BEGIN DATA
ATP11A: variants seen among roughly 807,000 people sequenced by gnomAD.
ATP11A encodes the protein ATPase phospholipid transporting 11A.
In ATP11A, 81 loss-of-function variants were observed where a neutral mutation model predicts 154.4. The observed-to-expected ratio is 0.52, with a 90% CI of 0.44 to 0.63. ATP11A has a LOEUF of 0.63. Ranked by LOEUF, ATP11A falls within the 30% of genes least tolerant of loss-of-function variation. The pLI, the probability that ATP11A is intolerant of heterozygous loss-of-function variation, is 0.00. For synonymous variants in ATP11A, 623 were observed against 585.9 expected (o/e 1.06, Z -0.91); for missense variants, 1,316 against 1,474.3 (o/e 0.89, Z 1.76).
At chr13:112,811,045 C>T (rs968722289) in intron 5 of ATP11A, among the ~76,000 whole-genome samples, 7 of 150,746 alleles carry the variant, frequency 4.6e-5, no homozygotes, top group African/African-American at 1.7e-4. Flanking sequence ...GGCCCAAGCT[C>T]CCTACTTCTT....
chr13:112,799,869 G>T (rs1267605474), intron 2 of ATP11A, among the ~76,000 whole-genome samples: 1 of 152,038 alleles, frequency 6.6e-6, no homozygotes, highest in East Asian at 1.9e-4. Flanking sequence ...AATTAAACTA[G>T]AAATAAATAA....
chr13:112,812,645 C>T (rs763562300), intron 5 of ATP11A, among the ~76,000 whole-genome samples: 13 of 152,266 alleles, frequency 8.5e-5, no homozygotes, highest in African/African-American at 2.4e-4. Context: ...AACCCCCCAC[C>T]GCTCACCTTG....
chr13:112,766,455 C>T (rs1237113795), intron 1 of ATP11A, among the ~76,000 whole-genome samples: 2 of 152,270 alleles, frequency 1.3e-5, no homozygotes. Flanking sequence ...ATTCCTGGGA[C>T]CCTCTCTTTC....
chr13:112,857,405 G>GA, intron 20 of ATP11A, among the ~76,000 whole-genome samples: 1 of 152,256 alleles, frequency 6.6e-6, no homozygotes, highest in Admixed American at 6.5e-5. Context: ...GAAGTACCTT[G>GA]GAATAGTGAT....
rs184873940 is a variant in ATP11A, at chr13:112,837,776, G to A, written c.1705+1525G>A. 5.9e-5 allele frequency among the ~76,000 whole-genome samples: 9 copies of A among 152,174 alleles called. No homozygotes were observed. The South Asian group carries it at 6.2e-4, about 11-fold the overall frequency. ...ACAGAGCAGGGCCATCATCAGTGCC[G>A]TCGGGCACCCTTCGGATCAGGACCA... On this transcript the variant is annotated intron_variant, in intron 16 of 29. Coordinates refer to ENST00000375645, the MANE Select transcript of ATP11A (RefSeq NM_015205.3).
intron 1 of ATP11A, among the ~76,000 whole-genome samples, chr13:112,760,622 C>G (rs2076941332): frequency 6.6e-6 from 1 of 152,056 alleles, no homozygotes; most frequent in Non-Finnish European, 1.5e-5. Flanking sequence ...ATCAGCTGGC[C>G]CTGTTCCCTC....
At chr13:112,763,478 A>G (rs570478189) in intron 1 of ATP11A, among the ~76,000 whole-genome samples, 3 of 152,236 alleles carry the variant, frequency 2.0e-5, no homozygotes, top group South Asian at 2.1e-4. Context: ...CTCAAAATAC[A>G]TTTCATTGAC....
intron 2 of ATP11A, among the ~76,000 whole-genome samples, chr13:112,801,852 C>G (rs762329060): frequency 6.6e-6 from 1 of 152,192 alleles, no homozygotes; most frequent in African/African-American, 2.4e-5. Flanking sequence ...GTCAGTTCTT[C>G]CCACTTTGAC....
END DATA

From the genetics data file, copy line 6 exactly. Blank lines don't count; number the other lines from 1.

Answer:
chr13:112,812,645 C>T (rs763562300), intron 5 of ATP11A, among the ~76,000 whole-genome samples: 13 of 152,266 alleles, frequency 8.5e-5, no homozygotes, highest in African/African-American at 2.4e-4. Context: ...AACCCCCCAC[C>T]GCTCACCTTG....